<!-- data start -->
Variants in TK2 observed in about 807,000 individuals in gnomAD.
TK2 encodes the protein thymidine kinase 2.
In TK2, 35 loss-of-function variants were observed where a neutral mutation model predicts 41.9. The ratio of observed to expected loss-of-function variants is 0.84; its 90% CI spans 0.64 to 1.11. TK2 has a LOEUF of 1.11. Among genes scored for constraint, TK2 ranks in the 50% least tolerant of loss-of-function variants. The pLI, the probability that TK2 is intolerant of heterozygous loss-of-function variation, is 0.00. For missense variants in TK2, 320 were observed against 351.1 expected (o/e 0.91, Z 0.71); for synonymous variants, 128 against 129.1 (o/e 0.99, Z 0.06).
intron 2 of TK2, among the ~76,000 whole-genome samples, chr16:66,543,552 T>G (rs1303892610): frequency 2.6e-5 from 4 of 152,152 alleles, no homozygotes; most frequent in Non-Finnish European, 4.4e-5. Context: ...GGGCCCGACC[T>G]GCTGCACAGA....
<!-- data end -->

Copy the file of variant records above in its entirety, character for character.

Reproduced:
Variants in TK2 observed in about 807,000 individuals in gnomAD.
TK2 encodes the protein thymidine kinase 2.
In TK2, 35 loss-of-function variants were observed where a neutral mutation model predicts 41.9. The ratio of observed to expected loss-of-function variants is 0.84; its 90% CI spans 0.64 to 1.11. TK2 has a LOEUF of 1.11. Among genes scored for constraint, TK2 ranks in the 50% least tolerant of loss-of-function variants. The pLI, the probability that TK2 is intolerant of heterozygous loss-of-function variation, is 0.00. For missense variants in TK2, 320 were observed against 351.1 expected (o/e 0.91, Z 0.71); for synonymous variants, 128 against 129.1 (o/e 0.99, Z 0.06).
intron 2 of TK2, among the ~76,000 whole-genome samples, chr16:66,543,552 T>G (rs1303892610): frequency 2.6e-5 from 4 of 152,152 alleles, no homozygotes; most frequent in Non-Finnish European, 4.4e-5. Context: ...GGGCCCGACC[T>G]GCTGCACAGA....